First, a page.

Integrating Standards into the Curriculum
Most states have established a set of academic standards that identify the explicit content that students need to acquire at each grade level. Generally, academic standards describe what needs to be taught, but not when or how to teach it. The following tips will give you guidance on how to use academic standards to determine what to teach and when. Also, your district or site might offer you additional guidelines to follow while teaching to the state standards.
This Week's Tips
Obtaining Your State Education Standards (Monday)
Locate a copy of the academic standards for your discipline. Check with your site administrator, district office, county office of education, or state office of education. Many states have put their academic standards on the Internet, in which case you can download and print them yourself. Otherwise, you may need to order the standards by telephone or regular mail.
Identifying Goals Based on the Standards (Tuesday)
Use the standards to identify a set of goals for each course you teach. Remember that goals are broad and can cover numerous lessons. Return to the standards and read them in detail. Notice relationships among the different items and make note of them. You can do this with sticky notes, on lined paper, or using a graphic organizer. Set aside the standards and your notes for a while. When you return to them, see if you can identify approximately five main goals for a semester-long course.
Creating a Scope and Sequence Based on the Standards (Wednesday)
List one goal, or topic, for each month the course is taught.
After you decide how you will teach the goals and subtopics of your subject, you can create a scope and sequence that lists the goals to be taught each month. The main point of this document is to place your goals in a logical order and to determine how much time to dedicate to teaching each goal. The scope and sequence will give you an overview of what you will teach during the full course. Use this sequential list of goals as an outline as you plan your lessons. It will also help you pace yourself as you teach.
As a result, by the end of the year, you should have taught everything that your students are expected to learn, as identified in your state or district standards. You will know what to teach and when to teach it.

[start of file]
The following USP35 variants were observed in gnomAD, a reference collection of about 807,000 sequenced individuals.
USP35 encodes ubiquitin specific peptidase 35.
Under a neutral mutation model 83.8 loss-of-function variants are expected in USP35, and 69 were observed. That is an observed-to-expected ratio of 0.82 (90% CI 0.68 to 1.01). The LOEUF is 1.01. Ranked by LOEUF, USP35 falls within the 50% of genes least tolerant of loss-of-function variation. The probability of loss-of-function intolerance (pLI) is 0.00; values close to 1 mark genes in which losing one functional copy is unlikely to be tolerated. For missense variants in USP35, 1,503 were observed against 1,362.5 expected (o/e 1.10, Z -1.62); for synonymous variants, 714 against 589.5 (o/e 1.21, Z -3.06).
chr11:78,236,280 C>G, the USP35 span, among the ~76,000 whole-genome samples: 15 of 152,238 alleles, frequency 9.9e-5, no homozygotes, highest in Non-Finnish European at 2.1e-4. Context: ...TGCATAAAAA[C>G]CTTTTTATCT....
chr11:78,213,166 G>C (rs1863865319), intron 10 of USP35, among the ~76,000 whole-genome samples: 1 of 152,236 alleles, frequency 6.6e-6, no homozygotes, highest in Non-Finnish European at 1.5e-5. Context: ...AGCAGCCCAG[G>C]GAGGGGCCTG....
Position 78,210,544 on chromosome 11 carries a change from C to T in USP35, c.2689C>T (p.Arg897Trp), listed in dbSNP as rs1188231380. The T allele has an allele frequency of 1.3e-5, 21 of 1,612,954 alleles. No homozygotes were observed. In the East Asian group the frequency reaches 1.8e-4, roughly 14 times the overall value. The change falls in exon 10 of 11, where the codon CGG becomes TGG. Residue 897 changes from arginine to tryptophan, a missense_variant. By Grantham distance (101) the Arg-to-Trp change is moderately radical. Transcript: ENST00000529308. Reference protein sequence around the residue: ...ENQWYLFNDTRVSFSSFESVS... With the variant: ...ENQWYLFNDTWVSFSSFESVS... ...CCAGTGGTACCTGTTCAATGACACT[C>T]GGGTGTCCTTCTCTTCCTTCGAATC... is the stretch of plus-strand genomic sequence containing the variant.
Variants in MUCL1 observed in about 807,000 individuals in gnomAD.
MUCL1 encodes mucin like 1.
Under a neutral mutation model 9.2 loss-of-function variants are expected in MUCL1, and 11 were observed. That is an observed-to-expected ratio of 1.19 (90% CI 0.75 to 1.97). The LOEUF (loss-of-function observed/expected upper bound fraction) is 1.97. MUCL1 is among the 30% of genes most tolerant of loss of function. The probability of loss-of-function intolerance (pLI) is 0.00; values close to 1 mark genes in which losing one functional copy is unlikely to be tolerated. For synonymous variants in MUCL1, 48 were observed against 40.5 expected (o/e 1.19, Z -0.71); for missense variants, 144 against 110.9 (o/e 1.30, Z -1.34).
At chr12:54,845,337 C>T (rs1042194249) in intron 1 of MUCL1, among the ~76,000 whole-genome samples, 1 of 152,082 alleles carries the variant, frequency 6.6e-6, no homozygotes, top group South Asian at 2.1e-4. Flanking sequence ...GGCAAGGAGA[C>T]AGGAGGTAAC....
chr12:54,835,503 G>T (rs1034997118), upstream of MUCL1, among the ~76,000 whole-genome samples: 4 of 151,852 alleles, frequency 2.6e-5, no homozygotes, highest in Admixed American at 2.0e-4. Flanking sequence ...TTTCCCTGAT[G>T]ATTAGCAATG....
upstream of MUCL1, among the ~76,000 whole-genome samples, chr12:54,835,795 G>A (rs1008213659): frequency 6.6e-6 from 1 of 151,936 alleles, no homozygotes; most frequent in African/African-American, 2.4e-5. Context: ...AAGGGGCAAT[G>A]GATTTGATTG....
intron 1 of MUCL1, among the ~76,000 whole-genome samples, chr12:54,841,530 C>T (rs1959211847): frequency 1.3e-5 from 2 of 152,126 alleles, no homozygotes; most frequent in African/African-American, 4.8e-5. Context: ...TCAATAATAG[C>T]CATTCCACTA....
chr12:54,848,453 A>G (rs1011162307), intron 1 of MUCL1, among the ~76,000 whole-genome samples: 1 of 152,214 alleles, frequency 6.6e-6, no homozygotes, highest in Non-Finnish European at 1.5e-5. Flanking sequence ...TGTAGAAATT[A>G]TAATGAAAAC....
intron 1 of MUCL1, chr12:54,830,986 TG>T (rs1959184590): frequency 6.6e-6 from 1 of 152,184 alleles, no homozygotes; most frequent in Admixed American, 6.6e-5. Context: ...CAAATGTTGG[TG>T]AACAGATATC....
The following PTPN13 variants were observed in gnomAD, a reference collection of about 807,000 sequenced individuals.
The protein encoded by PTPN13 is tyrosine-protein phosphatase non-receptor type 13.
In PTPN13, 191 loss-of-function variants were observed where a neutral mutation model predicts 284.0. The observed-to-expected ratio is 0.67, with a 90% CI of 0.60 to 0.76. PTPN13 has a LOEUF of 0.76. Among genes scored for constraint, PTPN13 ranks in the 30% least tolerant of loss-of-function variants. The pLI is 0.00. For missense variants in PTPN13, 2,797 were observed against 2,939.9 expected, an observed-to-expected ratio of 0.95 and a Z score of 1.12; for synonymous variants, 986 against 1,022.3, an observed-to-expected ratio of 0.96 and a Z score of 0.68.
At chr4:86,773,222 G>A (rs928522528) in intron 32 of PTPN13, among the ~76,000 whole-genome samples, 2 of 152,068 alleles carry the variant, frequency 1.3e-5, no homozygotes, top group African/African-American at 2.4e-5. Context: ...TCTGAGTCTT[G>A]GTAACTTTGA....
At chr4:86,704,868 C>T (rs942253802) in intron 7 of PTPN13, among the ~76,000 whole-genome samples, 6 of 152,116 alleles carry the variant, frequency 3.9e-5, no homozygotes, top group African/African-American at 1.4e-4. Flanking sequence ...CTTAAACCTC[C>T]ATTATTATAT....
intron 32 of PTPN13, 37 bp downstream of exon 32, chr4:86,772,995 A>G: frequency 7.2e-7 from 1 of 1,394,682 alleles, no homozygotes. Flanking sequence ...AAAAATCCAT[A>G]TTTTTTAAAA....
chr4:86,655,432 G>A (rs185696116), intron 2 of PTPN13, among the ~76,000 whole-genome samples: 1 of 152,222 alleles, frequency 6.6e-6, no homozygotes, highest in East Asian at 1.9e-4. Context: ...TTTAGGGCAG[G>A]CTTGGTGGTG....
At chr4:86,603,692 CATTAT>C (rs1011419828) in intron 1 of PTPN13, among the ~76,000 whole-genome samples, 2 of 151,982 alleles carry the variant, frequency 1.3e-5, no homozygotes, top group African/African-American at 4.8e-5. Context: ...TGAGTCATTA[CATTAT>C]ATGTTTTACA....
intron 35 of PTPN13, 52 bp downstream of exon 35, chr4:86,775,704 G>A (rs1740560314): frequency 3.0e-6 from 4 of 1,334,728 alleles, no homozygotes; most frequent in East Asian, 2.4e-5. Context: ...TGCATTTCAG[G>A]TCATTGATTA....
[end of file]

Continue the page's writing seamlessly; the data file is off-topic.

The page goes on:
Text-Driven Courses and State Standards (Thursday)
Check your textbook against the standards to determine what areas you will need to supplement to teach to all the standards. The majority of work completed in some courses, such as math, may be driven by a text or other sequential materials. To make sure that using the text will allow you to teach all of the standards identified by your state or district, you can compare the table of contents of the program with the academic standards. Make a photocopy of your subject’s standards for your grade level. Then check off the items in the photocopy as they appear in the table of contents. If some items appear to be missing in the text, turn to the index and continue checking off items as they are listed there. Some textbooks provide state standards correlations for you.
How to Use the Standards to Determine What to Teach First (Friday)
Use the standards to determine what areas to teach first and which may be skipped if time becomes a concern. Courses driven by textbooks often have more information than can be taught in one or two class sessions. You can prioritize the information in the text. First, make a photocopy of your textbook’s table of contents. Then check off the items in the photocopy as they appear in the academic standards for your subject and grade level. Use your background knowledge to determine if any of the unchecked items in the table of contents may be skipped and possibly taught at the end of the semester if time permits. Be sure to consider carefully the repercussions of skipping any items. For example, if the standards do not include a review of fractions, but your experience tells you that students may have trouble with ratios or algebra without such a review, keep the fractions as part of the curriculum.